Known as the Walt Disney of Japan it is no surprise that Tezuka Osamu is still the best-known manga creator to Western fans. Current scholarship has uncovered the profound complexity and ambiguity not only of his work but of the man, the artist, and his life dismantling his position as the god of manga.
Contributors to this volume of "Mechademia" a series devoted to creative and critical work on anime, manga, and the fan arts analyze Tezuka and his complicated approaches toward life and nonlife on earth, as well as his effect on the lives of other manga artists. Using essays and reprints of Japanese manga on Tezuka, this book questions his influence and attitudes toward the nonhuman, evolutionary theory, the aesthetic lineage of contemporary manga, incipient feminism in the reinscription of the nonhuman feminine, the sexual politics of manga bodies, the origins of the moe culture, and the styles of didacticism revealing the digressions of insects and classical modes, among others.
The authors offer varying perspectives on the historical transformations in production, distribution, and reception that gradually integrated and differentiated an overlapping series of markets and readerships in the postwar era. Divided into four sections that explore different lives Nonhuman Life, Media Life, A Life in Manga, and Everyday Life "Mechademia 8 "serves as a prehistory of the impersonal politics of the present while tracing Tezuka s legacy.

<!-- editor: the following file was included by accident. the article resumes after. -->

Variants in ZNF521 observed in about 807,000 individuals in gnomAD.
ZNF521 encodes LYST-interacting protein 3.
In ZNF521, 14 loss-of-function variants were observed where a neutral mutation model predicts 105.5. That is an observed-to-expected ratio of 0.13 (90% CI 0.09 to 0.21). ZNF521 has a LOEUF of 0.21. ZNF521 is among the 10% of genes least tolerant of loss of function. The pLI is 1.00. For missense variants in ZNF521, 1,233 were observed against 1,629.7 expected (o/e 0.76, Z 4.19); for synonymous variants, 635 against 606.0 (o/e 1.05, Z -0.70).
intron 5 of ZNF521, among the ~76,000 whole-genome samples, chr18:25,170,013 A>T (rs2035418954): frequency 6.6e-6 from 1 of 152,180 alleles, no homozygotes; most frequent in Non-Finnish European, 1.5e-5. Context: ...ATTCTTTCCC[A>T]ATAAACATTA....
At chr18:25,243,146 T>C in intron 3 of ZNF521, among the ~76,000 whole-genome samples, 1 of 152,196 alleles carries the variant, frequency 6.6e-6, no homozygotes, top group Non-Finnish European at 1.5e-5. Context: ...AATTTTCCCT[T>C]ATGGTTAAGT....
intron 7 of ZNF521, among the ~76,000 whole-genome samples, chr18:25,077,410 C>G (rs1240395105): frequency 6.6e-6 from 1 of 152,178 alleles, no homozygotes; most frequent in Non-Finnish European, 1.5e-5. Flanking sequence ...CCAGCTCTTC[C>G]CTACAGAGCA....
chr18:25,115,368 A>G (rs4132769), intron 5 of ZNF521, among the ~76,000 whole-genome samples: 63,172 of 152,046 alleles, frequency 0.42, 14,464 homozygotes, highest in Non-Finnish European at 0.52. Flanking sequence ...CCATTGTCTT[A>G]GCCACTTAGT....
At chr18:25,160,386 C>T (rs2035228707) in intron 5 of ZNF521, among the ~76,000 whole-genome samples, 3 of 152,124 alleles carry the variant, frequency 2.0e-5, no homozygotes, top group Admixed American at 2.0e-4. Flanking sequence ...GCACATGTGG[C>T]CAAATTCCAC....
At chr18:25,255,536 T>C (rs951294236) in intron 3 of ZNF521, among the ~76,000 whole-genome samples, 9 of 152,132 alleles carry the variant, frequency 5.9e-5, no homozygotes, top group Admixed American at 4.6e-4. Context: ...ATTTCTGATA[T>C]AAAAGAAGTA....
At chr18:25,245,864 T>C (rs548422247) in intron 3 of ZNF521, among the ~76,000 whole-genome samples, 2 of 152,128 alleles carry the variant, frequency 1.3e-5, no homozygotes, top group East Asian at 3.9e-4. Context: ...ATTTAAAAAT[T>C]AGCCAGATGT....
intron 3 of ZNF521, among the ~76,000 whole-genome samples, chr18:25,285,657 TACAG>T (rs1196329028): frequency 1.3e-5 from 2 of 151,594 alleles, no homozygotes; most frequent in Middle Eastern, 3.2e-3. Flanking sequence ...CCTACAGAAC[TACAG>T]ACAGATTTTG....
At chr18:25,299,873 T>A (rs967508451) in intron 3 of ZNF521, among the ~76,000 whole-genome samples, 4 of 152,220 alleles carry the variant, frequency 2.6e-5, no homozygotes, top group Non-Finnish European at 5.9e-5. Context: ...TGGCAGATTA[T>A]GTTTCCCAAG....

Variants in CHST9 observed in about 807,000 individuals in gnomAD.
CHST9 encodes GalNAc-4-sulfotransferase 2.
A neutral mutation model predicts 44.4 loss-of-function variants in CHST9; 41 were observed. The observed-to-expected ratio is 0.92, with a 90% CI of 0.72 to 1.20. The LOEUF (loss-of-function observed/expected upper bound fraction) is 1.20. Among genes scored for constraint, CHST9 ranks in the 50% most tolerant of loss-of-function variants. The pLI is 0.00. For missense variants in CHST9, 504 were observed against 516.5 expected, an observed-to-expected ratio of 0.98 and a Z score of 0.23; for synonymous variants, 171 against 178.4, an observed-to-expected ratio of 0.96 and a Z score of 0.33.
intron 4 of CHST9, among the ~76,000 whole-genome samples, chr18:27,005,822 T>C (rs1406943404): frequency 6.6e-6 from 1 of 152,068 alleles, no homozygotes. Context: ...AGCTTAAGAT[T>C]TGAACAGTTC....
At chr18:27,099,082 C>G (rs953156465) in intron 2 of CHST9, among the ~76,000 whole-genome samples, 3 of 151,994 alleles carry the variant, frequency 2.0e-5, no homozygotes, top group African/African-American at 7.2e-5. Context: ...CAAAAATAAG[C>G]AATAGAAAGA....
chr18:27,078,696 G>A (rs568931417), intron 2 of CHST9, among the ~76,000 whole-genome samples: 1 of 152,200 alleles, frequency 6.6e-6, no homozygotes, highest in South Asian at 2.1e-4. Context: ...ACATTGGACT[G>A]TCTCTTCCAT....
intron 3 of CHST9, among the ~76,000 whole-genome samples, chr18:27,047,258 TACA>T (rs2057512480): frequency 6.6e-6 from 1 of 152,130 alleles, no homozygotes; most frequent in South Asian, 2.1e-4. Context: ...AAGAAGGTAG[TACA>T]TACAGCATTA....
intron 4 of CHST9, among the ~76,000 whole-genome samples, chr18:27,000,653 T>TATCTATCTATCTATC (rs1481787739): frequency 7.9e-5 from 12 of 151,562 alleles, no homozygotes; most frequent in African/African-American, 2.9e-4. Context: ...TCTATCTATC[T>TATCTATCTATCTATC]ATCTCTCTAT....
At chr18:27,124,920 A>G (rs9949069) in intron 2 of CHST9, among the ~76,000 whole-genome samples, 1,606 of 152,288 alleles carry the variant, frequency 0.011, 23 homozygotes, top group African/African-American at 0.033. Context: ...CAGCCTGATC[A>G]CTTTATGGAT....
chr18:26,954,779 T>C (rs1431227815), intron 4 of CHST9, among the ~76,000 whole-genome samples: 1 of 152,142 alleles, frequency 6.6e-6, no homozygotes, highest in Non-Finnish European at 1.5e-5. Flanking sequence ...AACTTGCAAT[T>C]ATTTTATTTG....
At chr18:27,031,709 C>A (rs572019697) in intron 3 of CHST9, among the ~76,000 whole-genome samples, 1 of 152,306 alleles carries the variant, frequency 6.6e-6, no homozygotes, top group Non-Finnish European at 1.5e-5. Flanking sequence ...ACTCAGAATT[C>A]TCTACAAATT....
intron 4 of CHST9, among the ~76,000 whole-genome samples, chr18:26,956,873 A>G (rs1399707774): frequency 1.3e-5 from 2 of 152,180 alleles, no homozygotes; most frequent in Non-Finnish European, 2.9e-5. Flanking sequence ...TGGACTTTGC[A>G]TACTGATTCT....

Contributors: Akatsuka Fujio; Anno Moyoko; Linda H. Chance, U of Pennsylvania; Jonathan Clements; Hideaki Fujiki, Nagoya U; Patrick W. Galbraith; Verina Gfader, U of Huddersfield; Alicia Gibson; G. Clinton Godart, USC; Yorimitsu Hashimoto, Osaka U; Ryan Holmberg; Hikari Hori, Columbia U; Mary A. Knighton, College of William and Mary; Thomas Lamarre, McGill U; Christine L. Marran, U of Minnesota; Natsume Fusanosuke, Gakushuin U, Tokyo; tsuka Eiji, Kobe Design U; Baryon Tensor Posadas; Renato Rivera Rusca, Meiji U; Frederik L. Schodt; Marc Steinberg, Concordia U; Tezuka Osamu; Toshiya Ueno, Wako U, Tokyo; Matthew Young.